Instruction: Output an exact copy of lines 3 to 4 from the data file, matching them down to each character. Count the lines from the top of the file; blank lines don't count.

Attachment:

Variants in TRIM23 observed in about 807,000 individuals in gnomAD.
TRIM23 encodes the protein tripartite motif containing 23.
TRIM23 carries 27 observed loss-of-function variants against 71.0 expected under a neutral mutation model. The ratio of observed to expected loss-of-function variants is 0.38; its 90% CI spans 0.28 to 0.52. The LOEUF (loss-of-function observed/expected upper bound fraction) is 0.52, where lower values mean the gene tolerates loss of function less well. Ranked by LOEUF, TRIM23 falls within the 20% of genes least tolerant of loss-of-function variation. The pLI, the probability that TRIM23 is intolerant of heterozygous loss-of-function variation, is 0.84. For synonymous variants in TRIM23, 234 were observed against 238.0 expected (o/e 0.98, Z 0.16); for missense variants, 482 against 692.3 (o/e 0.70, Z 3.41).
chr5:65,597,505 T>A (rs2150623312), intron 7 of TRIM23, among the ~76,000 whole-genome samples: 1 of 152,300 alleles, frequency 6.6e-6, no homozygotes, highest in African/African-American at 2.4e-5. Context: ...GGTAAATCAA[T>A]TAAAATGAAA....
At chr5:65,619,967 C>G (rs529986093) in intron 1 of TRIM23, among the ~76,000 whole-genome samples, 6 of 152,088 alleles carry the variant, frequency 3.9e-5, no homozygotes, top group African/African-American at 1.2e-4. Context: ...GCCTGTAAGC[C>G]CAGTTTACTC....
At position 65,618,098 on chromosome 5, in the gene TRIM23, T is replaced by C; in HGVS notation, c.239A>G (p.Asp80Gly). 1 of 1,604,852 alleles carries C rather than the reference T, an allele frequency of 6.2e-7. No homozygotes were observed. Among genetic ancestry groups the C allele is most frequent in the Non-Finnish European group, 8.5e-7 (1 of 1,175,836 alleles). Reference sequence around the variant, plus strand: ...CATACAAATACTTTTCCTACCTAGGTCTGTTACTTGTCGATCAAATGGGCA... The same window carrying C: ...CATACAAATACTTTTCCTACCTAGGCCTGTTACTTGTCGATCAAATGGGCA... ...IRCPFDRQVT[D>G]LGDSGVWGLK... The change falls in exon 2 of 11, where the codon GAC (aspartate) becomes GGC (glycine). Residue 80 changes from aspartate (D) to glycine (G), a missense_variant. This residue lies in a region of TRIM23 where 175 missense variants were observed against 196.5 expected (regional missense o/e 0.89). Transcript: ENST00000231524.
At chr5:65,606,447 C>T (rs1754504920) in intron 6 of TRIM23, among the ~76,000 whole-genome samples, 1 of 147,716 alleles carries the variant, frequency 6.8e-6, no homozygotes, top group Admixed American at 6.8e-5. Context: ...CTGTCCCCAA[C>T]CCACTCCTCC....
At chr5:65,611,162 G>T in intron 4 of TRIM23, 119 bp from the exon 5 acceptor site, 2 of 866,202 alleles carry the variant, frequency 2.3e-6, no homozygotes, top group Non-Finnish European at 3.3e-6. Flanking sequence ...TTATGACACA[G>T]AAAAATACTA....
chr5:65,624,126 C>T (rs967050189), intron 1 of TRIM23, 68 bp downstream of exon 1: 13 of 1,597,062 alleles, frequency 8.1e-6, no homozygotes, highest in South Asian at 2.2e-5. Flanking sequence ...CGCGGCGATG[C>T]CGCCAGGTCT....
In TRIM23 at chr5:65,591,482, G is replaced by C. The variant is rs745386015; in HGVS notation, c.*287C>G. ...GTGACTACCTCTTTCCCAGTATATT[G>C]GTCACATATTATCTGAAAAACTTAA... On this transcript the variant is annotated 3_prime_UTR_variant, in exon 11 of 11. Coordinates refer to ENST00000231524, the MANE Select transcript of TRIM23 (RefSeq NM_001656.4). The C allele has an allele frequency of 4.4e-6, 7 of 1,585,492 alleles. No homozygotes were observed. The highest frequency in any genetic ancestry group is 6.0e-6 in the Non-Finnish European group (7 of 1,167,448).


TRIM23 carries 27 observed loss-of-function variants against 71.0 expected under a neutral mutation model. The ratio of observed to expected loss-of-function variants is 0.38; its 90% CI spans 0.28 to 0.52. The LOEUF (loss-of-function observed/expected upper bound fraction) is 0.52, where lower values mean the gene tolerates loss of function less well. Ranked by LOEUF, TRIM23 falls within the 20% of genes least tolerant of loss-of-function variation. The pLI, the probability that TRIM23 is intolerant of heterozygous loss-of-function variation, is 0.84. For synonymous variants in TRIM23, 234 were observed against 238.0 expected (o/e 0.98, Z 0.16); for missense variants, 482 against 692.3 (o/e 0.70, Z 3.41).
chr5:65,597,505 T>A (rs2150623312), intron 7 of TRIM23, among the ~76,000 whole-genome samples: 1 of 152,300 alleles, frequency 6.6e-6, no homozygotes, highest in African/African-American at 2.4e-5. Context: ...GGTAAATCAA[T>A]TAAAATGAAA....